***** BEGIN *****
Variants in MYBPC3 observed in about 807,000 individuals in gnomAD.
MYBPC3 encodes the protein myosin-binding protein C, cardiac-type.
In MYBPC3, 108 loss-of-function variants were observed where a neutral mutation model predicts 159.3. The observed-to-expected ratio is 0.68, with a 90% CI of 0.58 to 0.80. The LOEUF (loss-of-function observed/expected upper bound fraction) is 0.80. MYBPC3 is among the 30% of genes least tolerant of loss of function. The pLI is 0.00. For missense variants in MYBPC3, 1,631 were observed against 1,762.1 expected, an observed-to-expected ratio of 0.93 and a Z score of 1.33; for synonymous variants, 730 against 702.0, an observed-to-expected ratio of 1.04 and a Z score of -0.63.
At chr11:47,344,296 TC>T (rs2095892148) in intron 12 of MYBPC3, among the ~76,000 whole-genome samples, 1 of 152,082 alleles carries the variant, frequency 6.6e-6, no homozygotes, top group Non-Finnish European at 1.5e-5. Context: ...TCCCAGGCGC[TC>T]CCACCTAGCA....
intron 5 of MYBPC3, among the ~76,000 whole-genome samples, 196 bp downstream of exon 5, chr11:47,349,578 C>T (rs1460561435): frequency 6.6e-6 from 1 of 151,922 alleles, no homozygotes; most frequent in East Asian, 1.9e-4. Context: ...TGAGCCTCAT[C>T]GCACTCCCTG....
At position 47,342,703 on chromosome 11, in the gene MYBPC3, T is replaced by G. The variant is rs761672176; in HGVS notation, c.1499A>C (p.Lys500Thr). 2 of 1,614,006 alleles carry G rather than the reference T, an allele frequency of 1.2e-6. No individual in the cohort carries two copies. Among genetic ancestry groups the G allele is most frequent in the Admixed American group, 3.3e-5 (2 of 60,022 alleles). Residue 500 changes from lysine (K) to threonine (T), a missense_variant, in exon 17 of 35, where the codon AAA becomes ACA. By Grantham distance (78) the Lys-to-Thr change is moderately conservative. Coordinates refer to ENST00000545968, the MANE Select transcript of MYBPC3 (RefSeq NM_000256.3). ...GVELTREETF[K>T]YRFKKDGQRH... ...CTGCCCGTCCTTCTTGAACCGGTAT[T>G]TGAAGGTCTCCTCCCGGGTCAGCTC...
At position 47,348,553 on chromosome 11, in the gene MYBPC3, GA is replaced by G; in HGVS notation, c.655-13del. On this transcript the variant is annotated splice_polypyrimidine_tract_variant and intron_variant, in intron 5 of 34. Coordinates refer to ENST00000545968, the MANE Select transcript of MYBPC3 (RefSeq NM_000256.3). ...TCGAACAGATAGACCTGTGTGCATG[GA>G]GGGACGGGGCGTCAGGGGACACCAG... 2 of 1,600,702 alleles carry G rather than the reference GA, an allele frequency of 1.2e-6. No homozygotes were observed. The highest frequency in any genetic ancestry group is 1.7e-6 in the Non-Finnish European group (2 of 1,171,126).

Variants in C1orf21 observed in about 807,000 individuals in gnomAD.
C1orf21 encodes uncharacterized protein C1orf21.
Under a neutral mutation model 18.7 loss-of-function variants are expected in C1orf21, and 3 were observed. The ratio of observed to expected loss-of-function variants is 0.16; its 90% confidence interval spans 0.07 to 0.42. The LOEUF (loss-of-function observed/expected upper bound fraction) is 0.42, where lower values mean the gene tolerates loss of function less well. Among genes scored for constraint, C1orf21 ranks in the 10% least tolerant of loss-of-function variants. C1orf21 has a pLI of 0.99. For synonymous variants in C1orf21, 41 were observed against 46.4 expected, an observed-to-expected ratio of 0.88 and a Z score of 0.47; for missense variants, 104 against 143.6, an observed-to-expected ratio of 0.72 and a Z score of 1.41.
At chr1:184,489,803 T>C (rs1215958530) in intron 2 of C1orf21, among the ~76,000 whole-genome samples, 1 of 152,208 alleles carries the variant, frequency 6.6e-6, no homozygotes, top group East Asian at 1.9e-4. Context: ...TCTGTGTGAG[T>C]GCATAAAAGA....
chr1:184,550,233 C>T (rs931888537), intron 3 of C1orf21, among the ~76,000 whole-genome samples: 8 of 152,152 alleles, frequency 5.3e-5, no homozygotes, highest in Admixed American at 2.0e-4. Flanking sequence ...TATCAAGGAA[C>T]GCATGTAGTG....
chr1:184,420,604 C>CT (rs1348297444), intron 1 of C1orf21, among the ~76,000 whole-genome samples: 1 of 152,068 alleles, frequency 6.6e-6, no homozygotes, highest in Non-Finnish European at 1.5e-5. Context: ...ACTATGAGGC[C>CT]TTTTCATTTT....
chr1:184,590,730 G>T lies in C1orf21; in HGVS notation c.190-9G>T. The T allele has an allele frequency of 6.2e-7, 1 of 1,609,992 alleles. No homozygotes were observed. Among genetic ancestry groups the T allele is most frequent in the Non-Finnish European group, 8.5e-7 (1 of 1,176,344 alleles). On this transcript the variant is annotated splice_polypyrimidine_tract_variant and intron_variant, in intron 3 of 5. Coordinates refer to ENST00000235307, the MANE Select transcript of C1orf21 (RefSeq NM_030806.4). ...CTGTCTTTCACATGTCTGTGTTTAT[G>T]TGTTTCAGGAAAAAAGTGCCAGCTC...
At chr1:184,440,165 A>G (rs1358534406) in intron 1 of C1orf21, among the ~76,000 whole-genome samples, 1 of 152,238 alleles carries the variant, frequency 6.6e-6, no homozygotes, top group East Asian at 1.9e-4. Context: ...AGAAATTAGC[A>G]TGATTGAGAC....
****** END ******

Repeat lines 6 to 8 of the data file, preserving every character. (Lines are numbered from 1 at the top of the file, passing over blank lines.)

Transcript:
At position 47,342,703 on chromosome 11, in the gene MYBPC3, T is replaced by G. The variant is rs761672176; in HGVS notation, c.1499A>C (p.Lys500Thr). 2 of 1,614,006 alleles carry G rather than the reference T, an allele frequency of 1.2e-6. No individual in the cohort carries two copies. Among genetic ancestry groups the G allele is most frequent in the Admixed American group, 3.3e-5 (2 of 60,022 alleles). Residue 500 changes from lysine (K) to threonine (T), a missense_variant, in exon 17 of 35, where the codon AAA becomes ACA. By Grantham distance (78) the Lys-to-Thr change is moderately conservative. Coordinates refer to ENST00000545968, the MANE Select transcript of MYBPC3 (RefSeq NM_000256.3). ...GVELTREETF[K>T]YRFKKDGQRH... ...CTGCCCGTCCTTCTTGAACCGGTAT[T>G]TGAAGGTCTCCTCCCGGGTCAGCTC...
At position 47,348,553 on chromosome 11, in the gene MYBPC3, GA is replaced by G; in HGVS notation, c.655-13del. On this transcript the variant is annotated splice_polypyrimidine_tract_variant and intron_variant, in intron 5 of 34. Coordinates refer to ENST00000545968, the MANE Select transcript of MYBPC3 (RefSeq NM_000256.3). ...TCGAACAGATAGACCTGTGTGCATG[GA>G]GGGACGGGGCGTCAGGGGACACCAG... 2 of 1,600,702 alleles carry G rather than the reference GA, an allele frequency of 1.2e-6. No homozygotes were observed. The highest frequency in any genetic ancestry group is 1.7e-6 in the Non-Finnish European group (2 of 1,171,126).

Variants in C1orf21 observed in about 807,000 individuals in gnomAD.